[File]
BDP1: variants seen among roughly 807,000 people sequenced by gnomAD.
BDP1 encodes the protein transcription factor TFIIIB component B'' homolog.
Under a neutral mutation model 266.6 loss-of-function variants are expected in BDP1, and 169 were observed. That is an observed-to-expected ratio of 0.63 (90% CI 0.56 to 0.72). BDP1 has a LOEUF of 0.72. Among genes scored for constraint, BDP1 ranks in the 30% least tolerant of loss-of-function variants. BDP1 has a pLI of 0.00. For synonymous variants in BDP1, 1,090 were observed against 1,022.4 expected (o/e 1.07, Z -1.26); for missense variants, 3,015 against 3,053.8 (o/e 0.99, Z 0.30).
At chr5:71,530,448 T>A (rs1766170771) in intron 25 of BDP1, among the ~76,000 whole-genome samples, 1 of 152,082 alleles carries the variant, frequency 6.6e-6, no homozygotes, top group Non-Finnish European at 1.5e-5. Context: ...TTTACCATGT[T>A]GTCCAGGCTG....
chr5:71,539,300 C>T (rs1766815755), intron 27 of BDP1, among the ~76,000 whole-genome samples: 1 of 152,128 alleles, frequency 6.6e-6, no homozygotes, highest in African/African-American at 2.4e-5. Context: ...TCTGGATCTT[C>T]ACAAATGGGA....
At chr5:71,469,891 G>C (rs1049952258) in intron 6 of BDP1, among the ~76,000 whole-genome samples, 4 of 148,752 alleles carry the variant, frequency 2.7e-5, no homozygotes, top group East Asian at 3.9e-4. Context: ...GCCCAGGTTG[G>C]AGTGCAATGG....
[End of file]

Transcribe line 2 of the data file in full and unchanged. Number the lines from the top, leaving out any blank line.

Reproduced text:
BDP1 encodes the protein transcription factor TFIIIB component B'' homolog.